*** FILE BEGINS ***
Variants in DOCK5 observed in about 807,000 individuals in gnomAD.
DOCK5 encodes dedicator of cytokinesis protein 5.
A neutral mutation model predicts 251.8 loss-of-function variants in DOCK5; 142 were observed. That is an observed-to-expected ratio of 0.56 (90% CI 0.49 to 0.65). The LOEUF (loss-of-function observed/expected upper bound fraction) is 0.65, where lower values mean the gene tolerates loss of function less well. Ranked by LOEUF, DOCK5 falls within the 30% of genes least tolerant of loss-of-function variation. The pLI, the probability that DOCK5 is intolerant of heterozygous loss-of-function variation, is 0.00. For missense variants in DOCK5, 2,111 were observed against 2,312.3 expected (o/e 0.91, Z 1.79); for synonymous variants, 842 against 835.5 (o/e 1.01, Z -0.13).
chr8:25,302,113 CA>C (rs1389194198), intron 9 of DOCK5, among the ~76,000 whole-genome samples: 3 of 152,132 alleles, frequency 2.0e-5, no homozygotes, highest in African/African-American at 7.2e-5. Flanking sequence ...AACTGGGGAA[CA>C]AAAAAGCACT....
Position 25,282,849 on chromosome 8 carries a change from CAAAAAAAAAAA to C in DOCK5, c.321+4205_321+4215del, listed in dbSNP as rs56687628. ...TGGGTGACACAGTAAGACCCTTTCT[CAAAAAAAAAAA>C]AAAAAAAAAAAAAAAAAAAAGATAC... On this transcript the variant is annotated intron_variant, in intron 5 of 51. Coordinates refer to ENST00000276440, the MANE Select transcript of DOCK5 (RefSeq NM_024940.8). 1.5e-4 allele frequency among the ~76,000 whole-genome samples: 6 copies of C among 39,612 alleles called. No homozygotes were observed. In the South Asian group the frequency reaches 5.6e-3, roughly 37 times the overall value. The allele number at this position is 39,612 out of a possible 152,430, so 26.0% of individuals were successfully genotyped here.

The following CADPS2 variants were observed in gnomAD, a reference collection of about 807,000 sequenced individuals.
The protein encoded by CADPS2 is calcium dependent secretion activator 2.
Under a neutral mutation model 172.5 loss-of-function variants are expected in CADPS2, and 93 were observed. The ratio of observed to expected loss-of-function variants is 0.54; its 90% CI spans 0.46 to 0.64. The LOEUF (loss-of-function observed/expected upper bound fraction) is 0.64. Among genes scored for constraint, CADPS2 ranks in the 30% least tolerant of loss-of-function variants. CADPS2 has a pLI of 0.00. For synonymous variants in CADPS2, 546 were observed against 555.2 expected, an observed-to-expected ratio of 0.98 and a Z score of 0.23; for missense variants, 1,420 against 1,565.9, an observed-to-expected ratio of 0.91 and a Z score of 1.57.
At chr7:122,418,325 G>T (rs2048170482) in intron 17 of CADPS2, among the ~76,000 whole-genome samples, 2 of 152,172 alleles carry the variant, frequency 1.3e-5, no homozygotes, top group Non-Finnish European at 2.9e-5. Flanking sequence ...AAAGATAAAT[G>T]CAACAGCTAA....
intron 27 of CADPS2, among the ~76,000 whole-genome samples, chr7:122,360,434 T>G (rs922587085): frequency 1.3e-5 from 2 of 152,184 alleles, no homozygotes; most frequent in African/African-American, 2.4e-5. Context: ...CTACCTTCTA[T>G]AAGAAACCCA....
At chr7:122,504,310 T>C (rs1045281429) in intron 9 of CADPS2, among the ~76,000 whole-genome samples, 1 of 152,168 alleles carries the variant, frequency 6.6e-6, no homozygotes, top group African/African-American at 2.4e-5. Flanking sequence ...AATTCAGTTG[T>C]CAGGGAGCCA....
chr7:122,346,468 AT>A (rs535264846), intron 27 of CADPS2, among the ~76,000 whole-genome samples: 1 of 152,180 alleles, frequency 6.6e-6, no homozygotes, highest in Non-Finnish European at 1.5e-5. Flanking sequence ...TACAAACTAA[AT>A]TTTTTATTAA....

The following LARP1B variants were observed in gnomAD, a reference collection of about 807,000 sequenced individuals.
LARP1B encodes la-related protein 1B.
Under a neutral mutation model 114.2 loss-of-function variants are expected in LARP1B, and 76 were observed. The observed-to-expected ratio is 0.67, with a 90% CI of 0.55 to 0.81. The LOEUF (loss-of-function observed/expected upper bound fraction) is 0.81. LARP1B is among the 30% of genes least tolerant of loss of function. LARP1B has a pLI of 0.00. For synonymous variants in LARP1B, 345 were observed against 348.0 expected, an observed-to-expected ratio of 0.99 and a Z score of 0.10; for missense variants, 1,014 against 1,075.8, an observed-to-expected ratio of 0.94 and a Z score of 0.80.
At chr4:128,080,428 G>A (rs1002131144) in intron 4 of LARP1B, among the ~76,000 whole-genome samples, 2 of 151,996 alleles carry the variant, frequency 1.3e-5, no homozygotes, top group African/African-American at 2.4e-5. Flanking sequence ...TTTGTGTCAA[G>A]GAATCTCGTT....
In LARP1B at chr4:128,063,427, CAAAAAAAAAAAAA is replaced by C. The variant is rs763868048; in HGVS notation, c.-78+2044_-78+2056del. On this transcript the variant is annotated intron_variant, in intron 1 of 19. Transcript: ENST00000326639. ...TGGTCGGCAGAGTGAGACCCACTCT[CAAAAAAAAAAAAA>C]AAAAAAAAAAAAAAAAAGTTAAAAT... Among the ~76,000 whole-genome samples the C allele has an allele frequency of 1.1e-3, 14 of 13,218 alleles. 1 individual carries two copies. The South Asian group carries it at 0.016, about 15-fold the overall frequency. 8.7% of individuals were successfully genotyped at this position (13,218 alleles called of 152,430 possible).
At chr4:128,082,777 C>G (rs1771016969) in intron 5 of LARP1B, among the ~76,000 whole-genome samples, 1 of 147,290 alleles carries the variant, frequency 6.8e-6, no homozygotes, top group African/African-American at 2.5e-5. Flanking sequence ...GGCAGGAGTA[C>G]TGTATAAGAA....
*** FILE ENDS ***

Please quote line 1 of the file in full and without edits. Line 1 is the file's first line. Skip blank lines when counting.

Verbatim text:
Variants in DOCK5 observed in about 807,000 individuals in gnomAD.